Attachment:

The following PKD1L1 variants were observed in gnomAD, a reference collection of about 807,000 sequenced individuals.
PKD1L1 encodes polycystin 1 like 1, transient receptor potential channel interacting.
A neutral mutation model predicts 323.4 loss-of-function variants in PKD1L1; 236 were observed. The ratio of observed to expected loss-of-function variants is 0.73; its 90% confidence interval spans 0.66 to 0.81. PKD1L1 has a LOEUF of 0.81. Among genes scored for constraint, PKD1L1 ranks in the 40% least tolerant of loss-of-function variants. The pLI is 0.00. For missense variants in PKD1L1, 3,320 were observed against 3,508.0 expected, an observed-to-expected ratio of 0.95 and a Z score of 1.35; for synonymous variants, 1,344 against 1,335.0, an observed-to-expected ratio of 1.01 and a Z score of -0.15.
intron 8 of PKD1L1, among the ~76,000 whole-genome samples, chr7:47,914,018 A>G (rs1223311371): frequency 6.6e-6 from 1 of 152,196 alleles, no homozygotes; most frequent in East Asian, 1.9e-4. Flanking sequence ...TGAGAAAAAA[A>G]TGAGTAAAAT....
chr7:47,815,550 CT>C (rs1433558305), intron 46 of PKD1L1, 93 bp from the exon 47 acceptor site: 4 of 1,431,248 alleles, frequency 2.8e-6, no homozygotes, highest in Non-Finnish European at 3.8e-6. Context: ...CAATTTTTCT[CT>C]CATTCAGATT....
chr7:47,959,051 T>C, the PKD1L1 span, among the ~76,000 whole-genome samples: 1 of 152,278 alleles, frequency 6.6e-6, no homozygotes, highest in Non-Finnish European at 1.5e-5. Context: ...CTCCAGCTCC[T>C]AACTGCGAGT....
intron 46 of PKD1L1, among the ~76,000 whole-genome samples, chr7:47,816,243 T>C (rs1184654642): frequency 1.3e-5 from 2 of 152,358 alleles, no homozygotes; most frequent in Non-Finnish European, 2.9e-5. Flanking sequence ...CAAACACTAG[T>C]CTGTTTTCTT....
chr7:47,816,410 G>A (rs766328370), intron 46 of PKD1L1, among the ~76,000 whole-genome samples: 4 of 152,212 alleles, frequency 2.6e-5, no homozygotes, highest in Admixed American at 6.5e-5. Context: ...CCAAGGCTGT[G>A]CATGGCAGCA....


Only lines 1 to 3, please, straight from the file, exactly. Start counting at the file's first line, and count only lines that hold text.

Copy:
The following PKD1L1 variants were observed in gnomAD, a reference collection of about 807,000 sequenced individuals.
PKD1L1 encodes polycystin 1 like 1, transient receptor potential channel interacting.
A neutral mutation model predicts 323.4 loss-of-function variants in PKD1L1; 236 were observed. The ratio of observed to expected loss-of-function variants is 0.73; its 90% confidence interval spans 0.66 to 0.81. PKD1L1 has a LOEUF of 0.81. Among genes scored for constraint, PKD1L1 ranks in the 40% least tolerant of loss-of-function variants. The pLI is 0.00. For missense variants in PKD1L1, 3,320 were observed against 3,508.0 expected, an observed-to-expected ratio of 0.95 and a Z score of 1.35; for synonymous variants, 1,344 against 1,335.0, an observed-to-expected ratio of 1.01 and a Z score of -0.15.